Doc: The ‘perfect diet’ is an elusive target
Dear Dr. Roach: In a recent column, you recommended “a diet based mostly on plants and legumes, with nuts, some fruits, whole grains and almost no refined sugars and starches.” By “some fruits,” are you suggesting not eating certain fruits, or just a limited amount of fruit overall? I ask because my cardiologist has recommended an Atkins-type diet with a heavy emphasis on meat — with full fat — while limiting carbs and not eating fruit, because it turns to sugar, he claimed.
I prefer a diet of fruit and vegetables, with a limited amount of meat and few carbs. I do love fish and shrimp. My wife can’t tolerate sugar, so I never have sugar or sweets of any kind. I never add sugar or sweeteners of any kind to any food or beverage.
I’m 70 years old and have had a heart catheterization, which indicated clean, clear arteries. However, I have weight gain. I prefer a physically active lifestyle, and canoe on lakes quite often three seasons of the year, for several hours each time.
Please clarify the “some fruits” term, and also what do you think about cutting out fruit entirely, as my cardiologist recommended? I’m concerned that that would lead to serious constipation, which I don’t experience when I have enough fruit in my diet.
Dear G.H.: There is no agreement on the “best” type of diet, and my use of “some fruits” reflected some current thinking that excess amounts of fruit may not be optimally healthy. Fruits indeed are high in sugar. Although not all fruits are the same, most have fiber, which slows down sugar absorption, while others can be absorbed more quickly. Most data show that the sugars found naturally in fruits have much less (if any) adverse effect on risk of heart disease, and in people with diabetes, two to four servings of fruit do not seem to adversely affect blood sugar. However, most people do not eat enough fruit, so I don’t want to advise against fruit eating: It’s fruit juices and sweetened fruit products that I recommend against consuming in other than modest amounts.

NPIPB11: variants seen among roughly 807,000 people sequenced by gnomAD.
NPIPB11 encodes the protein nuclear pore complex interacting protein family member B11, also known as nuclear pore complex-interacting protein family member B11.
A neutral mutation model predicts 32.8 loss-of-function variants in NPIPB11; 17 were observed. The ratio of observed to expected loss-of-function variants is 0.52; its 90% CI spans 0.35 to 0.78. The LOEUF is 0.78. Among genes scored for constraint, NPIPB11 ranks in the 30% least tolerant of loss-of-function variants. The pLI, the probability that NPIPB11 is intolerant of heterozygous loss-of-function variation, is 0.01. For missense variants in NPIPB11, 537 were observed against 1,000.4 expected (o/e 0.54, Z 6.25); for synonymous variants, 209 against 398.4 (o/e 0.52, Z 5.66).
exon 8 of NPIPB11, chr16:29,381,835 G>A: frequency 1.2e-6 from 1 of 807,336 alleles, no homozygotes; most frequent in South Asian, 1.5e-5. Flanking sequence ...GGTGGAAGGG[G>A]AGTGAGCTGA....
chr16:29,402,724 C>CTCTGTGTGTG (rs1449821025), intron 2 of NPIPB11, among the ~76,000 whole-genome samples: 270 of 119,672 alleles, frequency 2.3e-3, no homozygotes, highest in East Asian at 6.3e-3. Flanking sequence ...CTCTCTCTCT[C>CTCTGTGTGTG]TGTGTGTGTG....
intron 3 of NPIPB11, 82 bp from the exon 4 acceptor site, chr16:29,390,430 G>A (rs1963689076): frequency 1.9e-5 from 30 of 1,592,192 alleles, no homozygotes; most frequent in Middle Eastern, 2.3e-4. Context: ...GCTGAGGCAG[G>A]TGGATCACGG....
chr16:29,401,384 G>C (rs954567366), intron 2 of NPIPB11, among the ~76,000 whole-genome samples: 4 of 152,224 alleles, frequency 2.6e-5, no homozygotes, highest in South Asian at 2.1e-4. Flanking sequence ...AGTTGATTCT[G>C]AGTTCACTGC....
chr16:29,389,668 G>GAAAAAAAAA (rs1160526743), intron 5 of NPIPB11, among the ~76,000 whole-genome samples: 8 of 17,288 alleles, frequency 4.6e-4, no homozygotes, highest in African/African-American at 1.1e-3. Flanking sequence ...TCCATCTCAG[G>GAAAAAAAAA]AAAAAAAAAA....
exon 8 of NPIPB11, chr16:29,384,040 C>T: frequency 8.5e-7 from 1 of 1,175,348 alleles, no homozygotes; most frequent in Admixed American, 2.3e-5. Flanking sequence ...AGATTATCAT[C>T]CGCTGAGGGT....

Although there is good evidence a high-protein, high-fat diet of the type you describe helps in short-term and medium-term weight loss, I do not recommend large amounts of the saturated fat found in most farm-raised meat. Again, the data are controversial, with one recent review suggesting little or no harm from saturated fat, but the preponderance of the evidence still is concerning, and I think the diet you prefer, of vegetables, fish and fruit, is likely to be healthier in the long term.
Dear Dr. Roach: I was very upset about a recent column in which a man thought he got stenosis from implantation of a pacemaker. Your response stated that you had never heard of losing function due to a pacemaker placement and that it is normally a short and straightforward procedure. My mother had the procedure, and they pierced her heart, which resulted in open heart surgery and eventual death. I believe that serious consequences should be explained on any surgical procedure.
Dear M.C.: I can understand why you would be upset, and you are right that any procedure has the possibility of harm. About 0.1 to 1 percent of pacemaker placements can have serious complications, including death. It normally is a straightforward procedure, but it certainly can have a bad outcome. Like anything else, the risks must be weighed against the benefits.
Email questions to ToYourGoodHealth @med.cornell.edu.